Writing Group

Journal and pen
Rules for writing Poetry Short story Submit a story

The Writing Group is one of the founding groups of U3A East London and was inaugurated by Gavin Stewart in 2007 followed by Nancy Tietz who took over in 2013. Meetings are scheduled for the 4th Friday of every month except December. Ours has always been an Open Group meaning that members of U3A as well as non-members are always welcome. At each meeting we have a discussion on some aspect of writing and practice some timed writing (off-the-cuff) on a topic announced at the meeting. But the highlight is always reading the stories that have been written during the month to the rest of the group, gauging their reaction to them and taking heed of their reaction and listening to the criticism.

We have published 3 slim volumes, Tales of all Kinds 1 – 3 and read our stories at the local Umtiza Festival, at the U3A AGM, at Weavers Retirement Centre and look to expanding this service.

Introduction to Writing

Throughout my career I have covered reams of foolscap and A4 in writings: minutes of meetings, notices, reports and letters ad infinitum, press releases, feature articles, obituaries and lecture notes for distance learning. I have even composed an illuminated address and written a brief inscription for an obscure monument.
When I retired and heard that Gavin Stewart, one time Professor of Journalism at Rhodes University, ex-editor of The Daily Dispatch and the man who coined the word ‘Festino’ for use in South African English, was going to run a course on writing for U3A East London, I promptly signed up.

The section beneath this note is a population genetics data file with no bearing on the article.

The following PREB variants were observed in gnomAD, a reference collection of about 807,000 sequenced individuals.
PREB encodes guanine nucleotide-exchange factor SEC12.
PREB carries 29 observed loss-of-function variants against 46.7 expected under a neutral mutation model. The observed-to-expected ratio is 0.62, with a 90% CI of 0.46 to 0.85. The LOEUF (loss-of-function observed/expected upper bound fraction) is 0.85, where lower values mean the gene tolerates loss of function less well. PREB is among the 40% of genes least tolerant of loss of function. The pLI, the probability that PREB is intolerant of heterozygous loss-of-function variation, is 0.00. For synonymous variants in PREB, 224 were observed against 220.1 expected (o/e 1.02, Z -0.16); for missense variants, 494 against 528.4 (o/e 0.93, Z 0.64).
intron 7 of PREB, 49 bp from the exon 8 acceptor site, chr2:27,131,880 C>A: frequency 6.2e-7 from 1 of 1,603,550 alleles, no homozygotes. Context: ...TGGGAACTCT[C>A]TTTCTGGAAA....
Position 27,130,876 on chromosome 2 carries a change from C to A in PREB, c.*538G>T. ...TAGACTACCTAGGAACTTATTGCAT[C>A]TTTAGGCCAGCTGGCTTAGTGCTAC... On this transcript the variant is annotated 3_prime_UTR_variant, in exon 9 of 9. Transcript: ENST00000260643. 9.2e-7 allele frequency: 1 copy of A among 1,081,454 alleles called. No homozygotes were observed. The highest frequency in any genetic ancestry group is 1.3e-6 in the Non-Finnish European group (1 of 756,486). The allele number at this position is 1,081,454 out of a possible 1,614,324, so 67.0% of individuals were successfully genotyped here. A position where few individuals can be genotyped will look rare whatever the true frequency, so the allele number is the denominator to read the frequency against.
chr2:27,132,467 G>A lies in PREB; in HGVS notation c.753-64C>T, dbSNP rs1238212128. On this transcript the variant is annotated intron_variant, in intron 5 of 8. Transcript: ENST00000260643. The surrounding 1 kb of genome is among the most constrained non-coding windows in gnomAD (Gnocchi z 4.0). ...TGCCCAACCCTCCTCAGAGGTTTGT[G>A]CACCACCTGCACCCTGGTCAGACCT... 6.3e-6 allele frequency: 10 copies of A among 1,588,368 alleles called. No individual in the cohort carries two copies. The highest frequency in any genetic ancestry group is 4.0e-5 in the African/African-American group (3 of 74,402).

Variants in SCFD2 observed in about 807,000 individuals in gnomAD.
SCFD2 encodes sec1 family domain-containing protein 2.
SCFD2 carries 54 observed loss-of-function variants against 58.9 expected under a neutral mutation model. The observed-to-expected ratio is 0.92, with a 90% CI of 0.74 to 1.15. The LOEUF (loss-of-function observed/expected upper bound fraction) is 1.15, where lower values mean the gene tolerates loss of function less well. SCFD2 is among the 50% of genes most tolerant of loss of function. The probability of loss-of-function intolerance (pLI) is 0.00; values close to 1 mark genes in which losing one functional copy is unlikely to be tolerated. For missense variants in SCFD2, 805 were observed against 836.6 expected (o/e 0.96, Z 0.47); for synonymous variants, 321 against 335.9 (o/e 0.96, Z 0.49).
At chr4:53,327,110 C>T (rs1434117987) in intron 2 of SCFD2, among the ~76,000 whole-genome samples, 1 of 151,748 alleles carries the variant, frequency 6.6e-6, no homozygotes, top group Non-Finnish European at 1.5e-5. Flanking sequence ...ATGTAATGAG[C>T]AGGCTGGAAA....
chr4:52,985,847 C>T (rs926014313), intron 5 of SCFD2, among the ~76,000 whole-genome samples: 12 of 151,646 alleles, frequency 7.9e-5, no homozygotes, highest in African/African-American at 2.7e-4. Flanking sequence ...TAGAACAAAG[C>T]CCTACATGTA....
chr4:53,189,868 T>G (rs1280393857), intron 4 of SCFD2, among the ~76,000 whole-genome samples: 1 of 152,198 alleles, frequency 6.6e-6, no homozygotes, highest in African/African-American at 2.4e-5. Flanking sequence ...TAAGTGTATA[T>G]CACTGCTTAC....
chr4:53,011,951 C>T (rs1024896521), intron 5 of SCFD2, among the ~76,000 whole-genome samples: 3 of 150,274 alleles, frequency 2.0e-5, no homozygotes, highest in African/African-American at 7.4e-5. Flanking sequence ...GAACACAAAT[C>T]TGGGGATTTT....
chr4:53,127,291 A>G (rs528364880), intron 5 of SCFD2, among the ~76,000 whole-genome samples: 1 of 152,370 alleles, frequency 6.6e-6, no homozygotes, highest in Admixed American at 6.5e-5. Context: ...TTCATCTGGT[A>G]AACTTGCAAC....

My advice to anyone who wants to write is the same as that given by George Bernard Shaw, Steven King, Sinclair Lewis and Gavin Stewart when they were asked to conduct a course in creative writing;
“If you want to write just go home, sit down and write!”

Rules for plain English
from George Orwell

Never use a metaphor, simile, or other figure of speech which you are used to seeing in print. [Make up your own]

Never use a long word when a short one will do.

If it is possible to cut a word out always cut it out.

Never use the passive where you can use the active.

Never use a foreign phrase, a scientific word, or a jargon word if you can think of an English everyday equivalent.

Break any of these rules sooner than say anything outright barbarous.

Try your hand at Limericks …


A regular U3A Member
Attends from Feb to November
They do not hold horses
With lectures and Courses
But there’s little that they will remember

14 word stories:

They had tried for ages. She smiled shyly at him. I can start knitting.
By Sheila Caswell


Bird in hand is good.
Two birds in bush is better
Bird in pot is best.
By Noreen Burton

A short, short story

The Jeep
By Joy Frame

“As long as you are here on this earth you will never have the jeep,” the vodka infused mother spat at her son Paul. “Never.”

She died a few months later. The jeep was bequeathed to some farming friends of hers who did not hesitate to sell it to Paul on his asking.

On the morning Paul was to take the jeep for transfer and registration of ownership he heard screeching outside.

“Where’s my Jeep? It was here earlier on.” The driveway gates were still locked and the jeep nowhere to be seen. But there it was, bobbing in the swimming pool at the bottom of the garden, having carefully negotiated the lawn and three layers of deep terracing, taking with it his new music sound system and radio.
Paul sat on the roof of the bouncing jeep in the pool sipping his double vodka and coke and thought of his mother’s words:
“As long as you are here … never.”